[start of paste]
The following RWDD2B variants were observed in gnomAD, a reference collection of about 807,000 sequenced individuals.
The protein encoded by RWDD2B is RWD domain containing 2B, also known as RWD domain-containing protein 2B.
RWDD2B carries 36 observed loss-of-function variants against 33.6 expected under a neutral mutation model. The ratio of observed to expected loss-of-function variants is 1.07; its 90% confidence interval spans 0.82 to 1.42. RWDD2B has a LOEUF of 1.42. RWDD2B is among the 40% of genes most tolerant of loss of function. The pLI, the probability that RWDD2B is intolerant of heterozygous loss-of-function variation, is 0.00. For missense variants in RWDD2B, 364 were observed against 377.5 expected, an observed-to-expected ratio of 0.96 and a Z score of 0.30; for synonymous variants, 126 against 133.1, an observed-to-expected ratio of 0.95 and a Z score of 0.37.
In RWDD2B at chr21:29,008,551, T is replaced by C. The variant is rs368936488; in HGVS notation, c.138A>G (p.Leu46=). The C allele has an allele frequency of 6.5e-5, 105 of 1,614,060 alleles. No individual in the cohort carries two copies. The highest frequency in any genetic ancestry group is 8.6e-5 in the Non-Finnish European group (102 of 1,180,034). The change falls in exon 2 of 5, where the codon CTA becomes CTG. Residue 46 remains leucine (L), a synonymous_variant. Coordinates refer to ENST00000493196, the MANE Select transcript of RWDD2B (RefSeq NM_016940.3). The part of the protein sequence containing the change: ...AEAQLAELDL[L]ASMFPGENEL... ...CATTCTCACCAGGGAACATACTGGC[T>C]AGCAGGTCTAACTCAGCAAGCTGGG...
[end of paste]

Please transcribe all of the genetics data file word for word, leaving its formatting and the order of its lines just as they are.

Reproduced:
The following RWDD2B variants were observed in gnomAD, a reference collection of about 807,000 sequenced individuals.
The protein encoded by RWDD2B is RWD domain containing 2B, also known as RWD domain-containing protein 2B.
RWDD2B carries 36 observed loss-of-function variants against 33.6 expected under a neutral mutation model. The ratio of observed to expected loss-of-function variants is 1.07; its 90% confidence interval spans 0.82 to 1.42. RWDD2B has a LOEUF of 1.42. RWDD2B is among the 40% of genes most tolerant of loss of function. The pLI, the probability that RWDD2B is intolerant of heterozygous loss-of-function variation, is 0.00. For missense variants in RWDD2B, 364 were observed against 377.5 expected, an observed-to-expected ratio of 0.96 and a Z score of 0.30; for synonymous variants, 126 against 133.1, an observed-to-expected ratio of 0.95 and a Z score of 0.37.
In RWDD2B at chr21:29,008,551, T is replaced by C. The variant is rs368936488; in HGVS notation, c.138A>G (p.Leu46=). The C allele has an allele frequency of 6.5e-5, 105 of 1,614,060 alleles. No individual in the cohort carries two copies. The highest frequency in any genetic ancestry group is 8.6e-5 in the Non-Finnish European group (102 of 1,180,034). The change falls in exon 2 of 5, where the codon CTA becomes CTG. Residue 46 remains leucine (L), a synonymous_variant. Coordinates refer to ENST00000493196, the MANE Select transcript of RWDD2B (RefSeq NM_016940.3). The part of the protein sequence containing the change: ...AEAQLAELDL[L]ASMFPGENEL... ...CATTCTCACCAGGGAACATACTGGC[T>C]AGCAGGTCTAACTCAGCAAGCTGGG...